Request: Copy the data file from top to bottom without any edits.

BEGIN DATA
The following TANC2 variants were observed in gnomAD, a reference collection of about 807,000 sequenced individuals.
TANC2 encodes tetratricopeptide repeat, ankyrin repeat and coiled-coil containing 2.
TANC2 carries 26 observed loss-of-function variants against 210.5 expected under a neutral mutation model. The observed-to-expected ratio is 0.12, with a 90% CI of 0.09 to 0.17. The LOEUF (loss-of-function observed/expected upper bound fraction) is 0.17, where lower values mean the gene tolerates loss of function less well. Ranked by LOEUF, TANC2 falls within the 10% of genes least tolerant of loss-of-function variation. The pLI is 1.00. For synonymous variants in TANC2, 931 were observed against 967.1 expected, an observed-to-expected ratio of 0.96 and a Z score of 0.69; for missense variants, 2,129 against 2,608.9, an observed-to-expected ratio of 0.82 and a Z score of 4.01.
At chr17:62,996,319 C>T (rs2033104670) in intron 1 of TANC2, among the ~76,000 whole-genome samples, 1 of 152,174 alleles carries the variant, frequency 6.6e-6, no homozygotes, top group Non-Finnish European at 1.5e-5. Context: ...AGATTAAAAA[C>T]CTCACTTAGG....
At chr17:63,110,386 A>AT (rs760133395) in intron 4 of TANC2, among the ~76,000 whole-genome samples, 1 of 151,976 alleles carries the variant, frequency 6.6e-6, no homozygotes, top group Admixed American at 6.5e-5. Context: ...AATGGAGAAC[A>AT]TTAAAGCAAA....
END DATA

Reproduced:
The following TANC2 variants were observed in gnomAD, a reference collection of about 807,000 sequenced individuals.
TANC2 encodes tetratricopeptide repeat, ankyrin repeat and coiled-coil containing 2.
TANC2 carries 26 observed loss-of-function variants against 210.5 expected under a neutral mutation model. The observed-to-expected ratio is 0.12, with a 90% CI of 0.09 to 0.17. The LOEUF (loss-of-function observed/expected upper bound fraction) is 0.17, where lower values mean the gene tolerates loss of function less well. Ranked by LOEUF, TANC2 falls within the 10% of genes least tolerant of loss-of-function variation. The pLI is 1.00. For synonymous variants in TANC2, 931 were observed against 967.1 expected, an observed-to-expected ratio of 0.96 and a Z score of 0.69; for missense variants, 2,129 against 2,608.9, an observed-to-expected ratio of 0.82 and a Z score of 4.01.
At chr17:62,996,319 C>T (rs2033104670) in intron 1 of TANC2, among the ~76,000 whole-genome samples, 1 of 152,174 alleles carries the variant, frequency 6.6e-6, no homozygotes, top group Non-Finnish European at 1.5e-5. Context: ...AGATTAAAAA[C>T]CTCACTTAGG....
At chr17:63,110,386 A>AT (rs760133395) in intron 4 of TANC2, among the ~76,000 whole-genome samples, 1 of 151,976 alleles carries the variant, frequency 6.6e-6, no homozygotes, top group Admixed American at 6.5e-5. Context: ...AATGGAGAAC[A>AT]TTAAAGCAAA....